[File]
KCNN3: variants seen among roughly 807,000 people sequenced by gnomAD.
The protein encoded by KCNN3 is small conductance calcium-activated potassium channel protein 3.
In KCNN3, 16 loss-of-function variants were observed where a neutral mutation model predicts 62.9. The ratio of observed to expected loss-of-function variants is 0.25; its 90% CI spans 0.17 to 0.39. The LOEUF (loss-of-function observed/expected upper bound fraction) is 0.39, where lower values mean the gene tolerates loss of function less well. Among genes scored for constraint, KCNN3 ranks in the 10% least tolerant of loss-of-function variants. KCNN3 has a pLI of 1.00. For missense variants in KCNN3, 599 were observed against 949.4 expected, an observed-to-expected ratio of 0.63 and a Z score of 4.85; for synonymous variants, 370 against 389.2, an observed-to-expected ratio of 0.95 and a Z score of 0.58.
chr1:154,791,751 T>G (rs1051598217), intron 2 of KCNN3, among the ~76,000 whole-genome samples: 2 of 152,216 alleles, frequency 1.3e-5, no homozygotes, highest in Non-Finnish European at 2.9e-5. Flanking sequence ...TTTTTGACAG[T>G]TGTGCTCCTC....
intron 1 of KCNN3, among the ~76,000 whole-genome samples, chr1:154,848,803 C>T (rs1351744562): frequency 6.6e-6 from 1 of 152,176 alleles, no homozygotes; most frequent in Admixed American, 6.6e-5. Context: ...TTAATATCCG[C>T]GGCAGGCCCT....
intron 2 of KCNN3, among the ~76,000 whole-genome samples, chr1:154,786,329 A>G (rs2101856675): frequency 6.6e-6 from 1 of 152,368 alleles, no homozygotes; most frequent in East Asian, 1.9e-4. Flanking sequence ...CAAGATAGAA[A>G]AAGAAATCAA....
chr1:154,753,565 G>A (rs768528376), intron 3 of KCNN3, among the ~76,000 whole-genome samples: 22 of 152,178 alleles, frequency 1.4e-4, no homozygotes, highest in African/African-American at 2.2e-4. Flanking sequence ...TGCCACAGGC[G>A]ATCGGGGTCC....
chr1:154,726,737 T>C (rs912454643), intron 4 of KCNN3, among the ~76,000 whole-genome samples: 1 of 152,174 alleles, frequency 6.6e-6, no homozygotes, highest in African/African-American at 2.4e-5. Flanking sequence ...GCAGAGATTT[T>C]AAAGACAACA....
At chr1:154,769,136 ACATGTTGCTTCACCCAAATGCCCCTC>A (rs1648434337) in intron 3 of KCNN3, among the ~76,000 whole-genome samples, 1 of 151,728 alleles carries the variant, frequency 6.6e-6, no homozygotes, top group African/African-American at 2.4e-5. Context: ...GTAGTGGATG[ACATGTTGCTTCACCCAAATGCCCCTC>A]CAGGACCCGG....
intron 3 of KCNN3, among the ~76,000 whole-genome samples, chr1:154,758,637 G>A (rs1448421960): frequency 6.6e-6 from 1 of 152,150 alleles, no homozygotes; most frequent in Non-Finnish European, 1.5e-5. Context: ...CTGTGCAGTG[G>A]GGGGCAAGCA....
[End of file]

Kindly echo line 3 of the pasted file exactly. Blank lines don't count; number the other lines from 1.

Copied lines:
In KCNN3, 16 loss-of-function variants were observed where a neutral mutation model predicts 62.9. The ratio of observed to expected loss-of-function variants is 0.25; its 90% CI spans 0.17 to 0.39. The LOEUF (loss-of-function observed/expected upper bound fraction) is 0.39, where lower values mean the gene tolerates loss of function less well. Among genes scored for constraint, KCNN3 ranks in the 10% least tolerant of loss-of-function variants. KCNN3 has a pLI of 1.00. For missense variants in KCNN3, 599 were observed against 949.4 expected, an observed-to-expected ratio of 0.63 and a Z score of 4.85; for synonymous variants, 370 against 389.2, an observed-to-expected ratio of 0.95 and a Z score of 0.58.